Sometimes I have photos that I want to post because I just love them. Like these, from an impromptu swinging playdate with my boys yesterday. The sun was bad, faces were hard to get in the harsh light, and yet I love the freedom captured in the swinging dirty feet against the backdrop of sky. But sometimes these images feel false. Because the reality is this: we spent ten minutes at the park and I didn’t feel like pushing the boys on the swings. We went home to a sink filled with dirty dishes and a carpet with crushed cereal down in the fibers. Christmas has taken over the front room of the house where I neither want to put it away or look at it. I woke up cranky and stayed cranky from there. Not at all what you see in the pictures.
But I love the faces here. I long to see that unbridled joy on my own face, but when I catch myself in the mirror lately, it’s just weary. Have you noticed I don’t appear here very often? There are reasons for that. I feel old and haggard and worn and thin in spirit.
Cooper is waking at all hours. Teething? Longing for more milk than my baby-making body is producing? Lonely? Ear infection? No reason? The why doesn’t really matter when your baby is waking repeatedly and waking you by clawing at your eyes at 3am.
“Everyone—take it down a notch! It’s MORNING,” I found myself saying today before the boys left for school. This is the reality. So the photos fill me with longing. I know every moment can’t be filled with joy and wonder, but too often mine are filled with struggle and survival.
Yet I read something amazing today. I did that thing where I opened my Bible, thinking it would go where my bookmark was (in Acts), but instead it opened to the middle of Mark 6. And being bleary-eyed and not-yet-caffeinated, I read from there.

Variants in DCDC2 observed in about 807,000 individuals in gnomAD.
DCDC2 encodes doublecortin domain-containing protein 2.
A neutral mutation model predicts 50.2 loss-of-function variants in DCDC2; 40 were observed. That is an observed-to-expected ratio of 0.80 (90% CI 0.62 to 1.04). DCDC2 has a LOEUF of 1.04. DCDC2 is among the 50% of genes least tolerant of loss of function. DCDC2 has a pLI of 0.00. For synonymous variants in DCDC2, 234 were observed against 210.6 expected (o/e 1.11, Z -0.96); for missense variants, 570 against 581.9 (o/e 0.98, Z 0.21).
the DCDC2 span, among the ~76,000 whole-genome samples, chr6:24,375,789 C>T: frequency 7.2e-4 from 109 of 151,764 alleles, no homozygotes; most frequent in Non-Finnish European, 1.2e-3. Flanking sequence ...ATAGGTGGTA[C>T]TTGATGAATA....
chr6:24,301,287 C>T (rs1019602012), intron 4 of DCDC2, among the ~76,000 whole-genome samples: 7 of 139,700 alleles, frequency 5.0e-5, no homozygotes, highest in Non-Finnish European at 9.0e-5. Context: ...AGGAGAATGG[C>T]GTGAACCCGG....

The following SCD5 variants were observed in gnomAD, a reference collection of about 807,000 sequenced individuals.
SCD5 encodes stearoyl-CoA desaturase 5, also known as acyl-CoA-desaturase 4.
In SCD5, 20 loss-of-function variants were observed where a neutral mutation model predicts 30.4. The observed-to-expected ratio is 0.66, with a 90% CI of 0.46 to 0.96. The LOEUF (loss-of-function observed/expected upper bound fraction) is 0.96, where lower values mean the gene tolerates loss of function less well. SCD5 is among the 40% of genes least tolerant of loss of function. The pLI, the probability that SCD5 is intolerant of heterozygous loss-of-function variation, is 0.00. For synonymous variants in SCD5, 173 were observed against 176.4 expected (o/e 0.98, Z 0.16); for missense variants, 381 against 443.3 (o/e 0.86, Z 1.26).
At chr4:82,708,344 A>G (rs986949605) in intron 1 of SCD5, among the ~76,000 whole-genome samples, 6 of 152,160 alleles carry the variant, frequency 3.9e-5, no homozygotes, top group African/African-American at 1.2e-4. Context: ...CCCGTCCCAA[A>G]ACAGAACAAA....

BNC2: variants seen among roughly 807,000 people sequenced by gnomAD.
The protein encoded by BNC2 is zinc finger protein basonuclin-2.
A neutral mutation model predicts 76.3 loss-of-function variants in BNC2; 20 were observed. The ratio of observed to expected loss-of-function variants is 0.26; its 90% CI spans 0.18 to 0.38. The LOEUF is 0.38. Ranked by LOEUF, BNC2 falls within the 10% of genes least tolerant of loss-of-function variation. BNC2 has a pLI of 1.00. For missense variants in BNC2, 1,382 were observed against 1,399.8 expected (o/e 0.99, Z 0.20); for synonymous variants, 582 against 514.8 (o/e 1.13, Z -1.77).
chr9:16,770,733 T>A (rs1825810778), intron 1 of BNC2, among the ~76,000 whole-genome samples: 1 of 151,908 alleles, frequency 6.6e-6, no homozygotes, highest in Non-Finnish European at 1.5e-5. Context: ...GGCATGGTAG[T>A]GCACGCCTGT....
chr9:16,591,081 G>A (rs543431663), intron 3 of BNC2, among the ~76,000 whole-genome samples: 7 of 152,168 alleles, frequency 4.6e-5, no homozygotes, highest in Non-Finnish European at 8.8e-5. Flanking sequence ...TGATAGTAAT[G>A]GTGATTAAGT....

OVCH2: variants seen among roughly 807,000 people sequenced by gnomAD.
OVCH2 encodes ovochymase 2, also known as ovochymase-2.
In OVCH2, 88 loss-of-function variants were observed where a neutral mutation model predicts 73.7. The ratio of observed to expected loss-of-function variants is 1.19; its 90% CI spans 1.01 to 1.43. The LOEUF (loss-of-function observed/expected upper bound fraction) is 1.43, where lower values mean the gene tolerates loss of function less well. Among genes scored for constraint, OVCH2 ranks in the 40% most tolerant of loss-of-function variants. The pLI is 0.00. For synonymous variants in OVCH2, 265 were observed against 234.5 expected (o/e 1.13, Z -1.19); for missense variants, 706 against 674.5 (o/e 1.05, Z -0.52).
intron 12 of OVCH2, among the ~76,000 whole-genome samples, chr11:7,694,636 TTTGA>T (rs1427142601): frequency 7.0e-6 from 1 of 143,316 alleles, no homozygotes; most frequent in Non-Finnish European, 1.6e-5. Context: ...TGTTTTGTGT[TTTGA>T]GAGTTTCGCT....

It was a passage I love, when John the Baptist has died and the disciples have returned all full of stories to tell Jesus and so he suggests they go away to a desolate place to rest. I think of Jesus, weary in spirit and thinking ahead to the cross, and the disciples like so many small dogs yipping and yapping their voices over one another.
The crowds beat them to this desolate place and so much for rest. Jesus, having compassion, teaches them. The disciples, having less compassion, ask Jesus to send the crowds away for dinner. I feel that—I often want to put my kids to bed so I can eat the best foods and not share. Instead, Jesus says, “What do you have?”
I can hear the tone when they list out their meager bounty: a few loaves and fishes. In other words, Hint Hint, Jesus—we ain’t got enough.
But instead, Jesus asks for all they have. (Can you picture their faces as they hand it over?) In Jesus’ hands, their meager not-enough becomes so much more. It becomes beyond-enough. It becomes tomorrow’s leftovers.
I thought this morning of my not-enough. Of how I feel stretched so very thin and of my tired and achey, of my grump and trudge. This is all I have Jesus, I say, thinking he’ll cut me some slack. Instead he asks me to give what I have, even this skimpy harvest. Oddly, like the disciples, I find myself clingy when it comes to my very-little. It may not be much, but I wants it. (Gollum, gollum.)
Still he waits, holding out his hand until I give it. And in his hands? More than I imagined. More than I needed. More than I ever would have had on my own. It is magic how he multiplies. So I share these pictures and the true story behind them, and the true story beyond that: how Jesus wants you to hand over your weary and tired and feeling so small. How he wants to simply touch it and make it more than you even asked for in your very small prayers.
Are you weary? Are you small? Simply come. You don’t need to be more. What you bring is not enough, but HE is.
Linking up again with Crystal Stine and her Behind the Scenes series. Come and see some other lovely bloggers. I tend to cheat a little, using more than one photo, but hey. I’m a rebel.